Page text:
I remember one time in the basement of the Ohio State University library. I was looking through old Indian newspapers on the conflict — I think it was the 1930 campaign — and the evidence was there: These people did not believe in nonviolence as an ethic! That was a shock. I thought: Oh dear! We didn’t have copy machines then. I had to copy the whole thing by hand and I thought; should I copy that down? It’s not supposed to be that way. But my focus on reality won out, fortunately, and I copied it down. Later I realized that it wasn’t a problem. It was a breakthrough, an opening! People didn’t have to believe in order to use this form of action! Therefore, it was open to almost everybody. That breakthrough was in about 1950 or ’51.

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“Dictators Don’t Like Us”: The Progressive Interview with Gene Sharp

by Amitabh Pal

Gene Sharp, 2012; photographer unknown; courtesy of tarata21.com

Gene Sharp is perhaps the most influential proponent of nonviolent action alive. His work has served as a how-to manual for activists in a swath of countries across Eastern Europe and Asia. For instance, From Dictatorship to Democracy and The Politics of Nonviolent Action helped inspire the Serbian student movement that toppled Slobodan Milosevic in 2000.

Sharp writes, “Nonviolent action is possible, and is capable of wielding great power even against ruthless rulers and military regimes, because it attacks the most vulnerable characteristic of all hierarchical institutions and governments: dependence on the governed.”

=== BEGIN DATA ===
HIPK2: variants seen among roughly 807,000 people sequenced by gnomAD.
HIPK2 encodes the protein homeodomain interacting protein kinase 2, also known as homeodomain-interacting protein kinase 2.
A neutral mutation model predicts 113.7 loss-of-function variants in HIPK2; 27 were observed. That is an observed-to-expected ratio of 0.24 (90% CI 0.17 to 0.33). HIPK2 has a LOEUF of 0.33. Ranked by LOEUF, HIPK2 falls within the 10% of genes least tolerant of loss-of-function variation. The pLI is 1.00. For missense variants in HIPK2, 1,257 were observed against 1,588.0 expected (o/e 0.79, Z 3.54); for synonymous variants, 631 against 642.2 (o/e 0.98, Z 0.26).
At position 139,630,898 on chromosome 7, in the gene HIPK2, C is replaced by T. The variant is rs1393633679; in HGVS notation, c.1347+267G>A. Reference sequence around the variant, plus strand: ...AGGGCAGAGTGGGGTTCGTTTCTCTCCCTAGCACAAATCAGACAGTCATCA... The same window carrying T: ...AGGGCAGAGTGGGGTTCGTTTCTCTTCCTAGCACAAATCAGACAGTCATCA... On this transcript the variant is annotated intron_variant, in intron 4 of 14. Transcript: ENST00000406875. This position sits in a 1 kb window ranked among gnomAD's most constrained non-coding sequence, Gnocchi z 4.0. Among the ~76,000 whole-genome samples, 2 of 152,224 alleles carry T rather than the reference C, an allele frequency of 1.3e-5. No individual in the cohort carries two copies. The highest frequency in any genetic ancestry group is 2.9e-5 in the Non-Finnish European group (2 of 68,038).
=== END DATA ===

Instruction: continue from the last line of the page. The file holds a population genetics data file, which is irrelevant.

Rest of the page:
Sharp drafted From Dictatorship to Democracy at the invitation of a Burmese activist. He was smuggled into Burma to assist in courses on nonviolent struggle for those resisting the military regime. He was in Tiananmen Square shortly before the tanks started rolling in. He has traveled to Israel and Palestine a number of times to disseminate his ideas. He was also invited into Latvia, Lithuania, and Estonia, this time by the governments themselves. He consulted with ministers on the nature and requirements of the campaign that they were using to peacefully secede from the Soviet Union. The three governments also used as a guide his book Civilian-Based Defense. The three countries became sovereign with almost no loss of life.

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There Are Realistic Alternatives

by Gene Sharp

Violence in society and politics, whether in the form of war, terrorism, dictatorship, oppression, usurpation, or genocide, is widely recognized as a grave problem.

All the proposals to solve the problem of violence, or particular expressions of it, have been unsuccessful. It is probable that the problem remains unsolved because such proposals have been based on inadequate understandings of its nature. Without understanding a problem, it is difficult, if not impossible, to solve it.

The objective of this essay is to explore a different perspective on the nature of the problem of widespread violence in society and politics that suggests what will be required for its resolution.

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198 Methods of Nonviolent Action

by Gene Sharp

THE METHODS OF NONVIOLENT PROTEST AND PERSUASION

Formal Statements
1. Public Speeches
2. Letters of opposition or support
3. Declarations by organizations and institutions
4. Signed public statements
5. Declarations of indictment and intention
6. Group or mass petitions

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“When planted in the garden, the mustard seed, smallest of all the seeds, became a large tree, and birds came and made their home there.” Luke 13:19

“For me whatever is in the atoms and molecules is in the universe. I believe in the saying that what is in the microcosm of one’s self is reflected in the macrocosm.” M. Gandhi